Many cherry blossom festivals have selected a special tree to serve as an “index tree” (Tokyo) or “indicator tree” (Washington D.C.) When over 70% of its flowers are in bloom, they declare that cherry trees are officially in bloom in the city.
The Vancouver Cherry Blossom Festival does not have an official indicator tree so, for the purpose of the First International Cherry Blossom Prediction Competition, the Akebono trees in Maple Grove Park, at the corner of SW Marine Drive and Yew Street, were designated as the Vancouver location. In a way, these trees will serve as our first indicator trees.
Douglas Justice is monitoring the trees and will declare their official blooming date. Stay tuned for the big reveal.
Point Grey resident Lesley Donaldson is usually displaying haiku on her hedge during cherry blossom season, but this year is different. She writes:
“I can’t assemble my Haiku Hedge this year because of social distancing and no gathering rules. So instead I am organizing a digital Haiku Hedge.”
Since March 25, Lesley sends to her family and friends a daily e-mail featuring a photo of her cherry trees and a haiku written by herself or by haiku masters. Here are some photos and haiku shared by Lesley.
Listen! Hear the voices
six feet apart –
between the blossomed trees
In these latter-day
Kobayashi Issa (1763 – 1828)
Pale mountain sky:
cherry petals play
as they tumble earthward
Kusama Tokihiko (1920 – 2003)
The light of a candle
Is transferred to another candle—
Yosa Buson (1716 – 1784)
Lesley, whose hedge has been featured in the Georgia Straight, wrote about her beautiful Akebono cherry trees:
“I have four huge cherry trees planted over 30 years ago along the west side of my house. I live on a corner lot and I remember when I planted them my mother saying “people going places will say, ‘turn at the corner where the cherry trees are’”. I liked that idea.”
She might have been wrong though – I think people mainly notice my deep green yew hedge, 6 feet high that encloses my property. It is clipped and maybe 200 ft long (…) and in the spring, when the pink blossoms fall from the cherry trees, it reminds me of sprinkles.”
At a time when the global order is in chaos (…) I find comfort in looking out of my windows at the giant cherry tree trunks “
Lesley has been participating in the VCBF Haiku Invitational for many years, winning an honourable mention in 2008:
VCBF Neighbourhood Map: zoom in Queen Elizabeth Park on West 33rd and Cambie to discover all the cherry trees in the park (or click the Search tab, then type Queen Elizabeth)
If you live in the area and will visit in person, please respect physical distancing. Cherry scout Lisa L. wrote on the UBC Botanical Garden forum:
“Please beware that this year due to social distancing there is NO vehicular access to QE park from any of the entrances. All are barricaded. You must walk in and up to admire this tree, and please not a lot of people or the park rangers may shut it down. The rangers are patrolling and ensuring that all of us walkers are keeping our distance and not congregating. So please follow the directives and visit discreetly and quietly. NO PICNICS. we will have to wait till next year for that.”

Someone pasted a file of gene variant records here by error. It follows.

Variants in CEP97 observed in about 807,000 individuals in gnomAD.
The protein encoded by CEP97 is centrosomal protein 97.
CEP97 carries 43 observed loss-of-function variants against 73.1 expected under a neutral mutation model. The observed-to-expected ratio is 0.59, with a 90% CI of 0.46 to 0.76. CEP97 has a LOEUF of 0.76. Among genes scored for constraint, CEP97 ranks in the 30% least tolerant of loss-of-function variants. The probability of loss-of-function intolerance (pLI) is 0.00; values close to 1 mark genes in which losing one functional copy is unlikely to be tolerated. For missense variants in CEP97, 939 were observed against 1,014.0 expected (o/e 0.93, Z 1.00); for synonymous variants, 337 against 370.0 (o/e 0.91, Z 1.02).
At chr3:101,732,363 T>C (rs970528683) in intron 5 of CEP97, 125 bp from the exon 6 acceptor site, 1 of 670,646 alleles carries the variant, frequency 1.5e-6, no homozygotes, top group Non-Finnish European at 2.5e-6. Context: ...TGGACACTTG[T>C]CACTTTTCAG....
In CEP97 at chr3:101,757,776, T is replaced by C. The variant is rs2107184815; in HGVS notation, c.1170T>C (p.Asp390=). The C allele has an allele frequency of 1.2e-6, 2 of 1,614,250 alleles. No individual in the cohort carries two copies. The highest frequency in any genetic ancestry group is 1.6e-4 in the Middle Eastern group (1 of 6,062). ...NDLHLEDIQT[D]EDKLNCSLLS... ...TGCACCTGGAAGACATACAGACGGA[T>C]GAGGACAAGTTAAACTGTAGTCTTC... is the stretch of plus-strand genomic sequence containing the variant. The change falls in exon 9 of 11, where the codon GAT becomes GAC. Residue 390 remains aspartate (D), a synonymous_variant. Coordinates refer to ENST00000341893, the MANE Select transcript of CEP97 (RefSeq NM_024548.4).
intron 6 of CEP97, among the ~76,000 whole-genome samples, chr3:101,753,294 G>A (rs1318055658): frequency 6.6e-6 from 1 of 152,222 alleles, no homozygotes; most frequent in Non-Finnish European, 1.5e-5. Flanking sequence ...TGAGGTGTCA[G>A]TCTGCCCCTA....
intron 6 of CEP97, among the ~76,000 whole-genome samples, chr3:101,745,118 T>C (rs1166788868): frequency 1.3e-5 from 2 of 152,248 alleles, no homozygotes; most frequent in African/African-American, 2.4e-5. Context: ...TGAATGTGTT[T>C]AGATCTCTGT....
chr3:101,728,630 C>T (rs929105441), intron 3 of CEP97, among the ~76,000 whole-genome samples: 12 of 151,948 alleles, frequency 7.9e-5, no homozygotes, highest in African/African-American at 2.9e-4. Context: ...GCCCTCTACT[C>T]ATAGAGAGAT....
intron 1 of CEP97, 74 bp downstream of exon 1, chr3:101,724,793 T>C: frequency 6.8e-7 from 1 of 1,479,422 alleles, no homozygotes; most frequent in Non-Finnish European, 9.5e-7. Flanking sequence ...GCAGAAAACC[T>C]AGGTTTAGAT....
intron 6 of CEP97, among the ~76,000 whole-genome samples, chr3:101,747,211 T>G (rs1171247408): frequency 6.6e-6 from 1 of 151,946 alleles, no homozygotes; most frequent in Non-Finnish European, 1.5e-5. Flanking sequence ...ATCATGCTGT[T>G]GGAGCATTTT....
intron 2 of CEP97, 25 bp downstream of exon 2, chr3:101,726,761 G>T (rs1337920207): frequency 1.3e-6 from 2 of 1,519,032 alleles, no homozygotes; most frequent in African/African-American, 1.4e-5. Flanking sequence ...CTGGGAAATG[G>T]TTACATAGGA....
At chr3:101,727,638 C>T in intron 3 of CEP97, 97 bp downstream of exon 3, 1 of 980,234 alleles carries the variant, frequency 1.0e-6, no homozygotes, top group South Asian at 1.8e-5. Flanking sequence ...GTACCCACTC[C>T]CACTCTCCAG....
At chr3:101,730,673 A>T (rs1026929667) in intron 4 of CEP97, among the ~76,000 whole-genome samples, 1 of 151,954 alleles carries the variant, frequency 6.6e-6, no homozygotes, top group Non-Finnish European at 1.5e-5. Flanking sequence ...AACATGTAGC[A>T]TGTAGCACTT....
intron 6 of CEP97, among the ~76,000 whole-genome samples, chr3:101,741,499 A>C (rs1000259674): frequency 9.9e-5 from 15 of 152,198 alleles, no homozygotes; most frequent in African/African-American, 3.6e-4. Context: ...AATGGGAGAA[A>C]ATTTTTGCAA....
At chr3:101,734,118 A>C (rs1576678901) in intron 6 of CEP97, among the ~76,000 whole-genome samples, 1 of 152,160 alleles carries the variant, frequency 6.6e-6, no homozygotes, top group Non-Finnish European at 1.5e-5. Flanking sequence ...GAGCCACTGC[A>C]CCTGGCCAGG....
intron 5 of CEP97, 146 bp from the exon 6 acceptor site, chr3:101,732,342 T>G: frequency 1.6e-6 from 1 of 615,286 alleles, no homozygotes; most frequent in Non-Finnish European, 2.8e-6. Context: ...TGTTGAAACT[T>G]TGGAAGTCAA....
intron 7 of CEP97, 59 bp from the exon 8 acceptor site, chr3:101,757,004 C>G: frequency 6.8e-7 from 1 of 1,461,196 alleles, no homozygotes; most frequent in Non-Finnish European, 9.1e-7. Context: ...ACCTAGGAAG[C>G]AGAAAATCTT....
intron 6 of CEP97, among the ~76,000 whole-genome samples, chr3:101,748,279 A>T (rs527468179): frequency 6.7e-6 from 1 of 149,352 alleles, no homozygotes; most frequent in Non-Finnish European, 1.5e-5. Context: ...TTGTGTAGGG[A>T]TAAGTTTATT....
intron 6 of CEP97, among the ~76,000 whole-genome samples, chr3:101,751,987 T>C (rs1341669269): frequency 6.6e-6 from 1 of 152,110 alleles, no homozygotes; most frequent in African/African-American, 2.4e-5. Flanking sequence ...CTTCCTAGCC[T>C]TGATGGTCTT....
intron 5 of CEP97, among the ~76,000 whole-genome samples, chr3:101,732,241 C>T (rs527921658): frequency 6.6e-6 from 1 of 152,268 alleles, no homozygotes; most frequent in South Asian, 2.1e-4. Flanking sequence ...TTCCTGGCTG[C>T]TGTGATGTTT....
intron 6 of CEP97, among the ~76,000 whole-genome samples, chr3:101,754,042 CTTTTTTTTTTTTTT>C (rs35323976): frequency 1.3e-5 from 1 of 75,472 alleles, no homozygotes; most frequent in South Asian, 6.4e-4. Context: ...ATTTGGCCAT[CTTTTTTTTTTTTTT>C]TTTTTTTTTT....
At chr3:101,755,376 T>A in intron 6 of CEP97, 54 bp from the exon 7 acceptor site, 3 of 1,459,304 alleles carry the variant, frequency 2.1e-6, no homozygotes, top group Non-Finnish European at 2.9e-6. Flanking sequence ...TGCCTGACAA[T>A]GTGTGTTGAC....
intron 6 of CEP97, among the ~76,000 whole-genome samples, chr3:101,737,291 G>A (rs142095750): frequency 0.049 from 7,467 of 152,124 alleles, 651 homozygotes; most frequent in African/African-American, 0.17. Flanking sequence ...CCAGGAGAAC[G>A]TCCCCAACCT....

Cherry blossom season has officially started in Vancouver. Akebono are now in full bloom, along with Pandora, Beni-shidare, Afterglow, and much more.
We understand it could be tempting to go to your favourite cherry blossom viewing spot. However, because of COVID-19 and the need to respect physical distancing and avoid gathering, it would be wise to consider, instead, enjoying a walk under cherry trees in your own neighbourhood.
With 40,000 cherry trees in the city, there’s plenty to see.
Here’s what I saw during a neighbourhood walk in Burnaby.
Akebono cherry trees at Cliff (corner Curtis):
A small Beni-shidare that hasn’t been added to the VCBF map yet.
Afterglow cherry trees at Cliff and Curtis. The bright pink flowers are magnificent!
There are 40,000 cherry trees planted in residential streets. We’re so lucky to have access to these trees.
Our beautiful Akebono cherry trees are blooming at Burrard Skytrain station.
Since the Vancouver City issued an order to respect physical distancing due to COVID-19 (Coronavirus), we thought we’d offer you a safe way to do cherry blossom viewing. . . online.
Click on this interactive map for a virtual visit of Akebono cherry trees outside Burrard Skytrain station.
Burrard skytrain station is a truly special location for cherry blossom viewing in Vancouver. There are thirty-four Akebono cherry trees outside the station: one tree at the front, then three rows of trees. Walking under the canopy is a true pleasure.
The Vancouver Cherry Blossom Festival usually holds its festival launch — the popular Cherry Jam concert — at this location, but unfortunately we had to cancel this year because of Covid-19.
If you go cherry blossom viewing, please be safe and maintain physical distancing.